Oh how we have dreamed of this fine, fine day: 177 Townsend at Third Street finally received its promised delivery of public art today. "Artifacts from a Coal Mine" a 10,000 pound-plus stainless steel sculpture designed by Seattle artist Mark Stevens was hauled 12 stories in the air and affixed to the side of the building. Five separate pieces— three of which are four stories tall— shaped as flames, a ghost, a gingerbread man, a whale skeleton, and a series of small circles inside a larger one - are characters in an allegory:
"They evoke a lost world and the uncertainty of climate change," said Stephens. "It's about fueling our future by consuming our present" ... "The ghost represents us," he continued. "Fire is the fuel that powers. The rings inside the big circle represent the various ages of man, starting with the Stone Age. This is all of human achievement"... "I should have thought this through better. I think that we, meaning humanity, put ourselves in a situation where we think something will save us. The little character that looks like a gingerbread man represents our faith in redemption." We are sitting on our hands here lest we unleash the seasoned art critic within. Readers, please take our place at the keyboard while we check the sales at 177 Townsend, will you?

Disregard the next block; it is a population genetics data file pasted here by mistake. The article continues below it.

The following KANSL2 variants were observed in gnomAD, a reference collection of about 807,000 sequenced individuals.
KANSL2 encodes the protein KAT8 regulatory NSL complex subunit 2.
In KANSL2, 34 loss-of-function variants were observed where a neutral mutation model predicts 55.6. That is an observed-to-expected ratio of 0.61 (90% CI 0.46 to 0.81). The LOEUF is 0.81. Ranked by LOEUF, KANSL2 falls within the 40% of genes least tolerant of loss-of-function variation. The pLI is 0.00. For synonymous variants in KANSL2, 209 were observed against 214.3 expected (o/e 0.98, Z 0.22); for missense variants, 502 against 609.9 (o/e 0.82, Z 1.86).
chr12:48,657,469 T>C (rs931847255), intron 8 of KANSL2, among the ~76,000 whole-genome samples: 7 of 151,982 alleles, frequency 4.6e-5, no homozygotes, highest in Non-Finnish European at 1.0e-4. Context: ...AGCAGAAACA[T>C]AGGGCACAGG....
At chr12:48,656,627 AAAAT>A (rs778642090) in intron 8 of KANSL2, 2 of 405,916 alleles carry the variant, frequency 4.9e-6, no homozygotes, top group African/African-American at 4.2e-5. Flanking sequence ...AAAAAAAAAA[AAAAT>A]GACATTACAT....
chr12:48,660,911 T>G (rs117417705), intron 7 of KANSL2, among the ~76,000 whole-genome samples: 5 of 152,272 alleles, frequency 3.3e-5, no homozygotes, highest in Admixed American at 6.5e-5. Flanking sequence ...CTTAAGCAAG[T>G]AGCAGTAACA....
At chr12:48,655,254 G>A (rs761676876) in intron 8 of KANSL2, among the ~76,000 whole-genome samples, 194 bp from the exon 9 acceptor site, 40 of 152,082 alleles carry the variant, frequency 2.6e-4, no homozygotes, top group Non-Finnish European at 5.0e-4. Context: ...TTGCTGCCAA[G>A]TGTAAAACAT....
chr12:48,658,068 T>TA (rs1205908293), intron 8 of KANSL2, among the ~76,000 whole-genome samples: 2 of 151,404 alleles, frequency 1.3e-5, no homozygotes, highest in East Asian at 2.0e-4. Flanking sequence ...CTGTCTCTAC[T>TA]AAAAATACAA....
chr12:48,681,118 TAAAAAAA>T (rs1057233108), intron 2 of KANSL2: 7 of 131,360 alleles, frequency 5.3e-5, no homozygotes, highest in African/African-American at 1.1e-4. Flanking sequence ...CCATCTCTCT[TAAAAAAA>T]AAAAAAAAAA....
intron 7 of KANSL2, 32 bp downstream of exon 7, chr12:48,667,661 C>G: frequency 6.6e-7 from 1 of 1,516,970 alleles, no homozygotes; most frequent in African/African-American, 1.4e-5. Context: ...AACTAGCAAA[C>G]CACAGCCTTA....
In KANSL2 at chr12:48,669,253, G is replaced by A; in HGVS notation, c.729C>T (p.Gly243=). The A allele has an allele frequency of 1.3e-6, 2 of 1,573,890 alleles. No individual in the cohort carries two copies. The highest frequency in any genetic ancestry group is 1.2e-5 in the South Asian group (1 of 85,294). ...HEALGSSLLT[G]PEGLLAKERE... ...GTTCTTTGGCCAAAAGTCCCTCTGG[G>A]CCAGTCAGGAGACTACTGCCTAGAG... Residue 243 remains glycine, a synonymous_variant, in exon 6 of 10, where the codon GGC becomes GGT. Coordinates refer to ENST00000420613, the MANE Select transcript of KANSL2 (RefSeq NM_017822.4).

· Enormous steel sculpture lifted 12 stories [SF Gate] [Images courtesy Chris Stewart for the San Francisco Chronicle]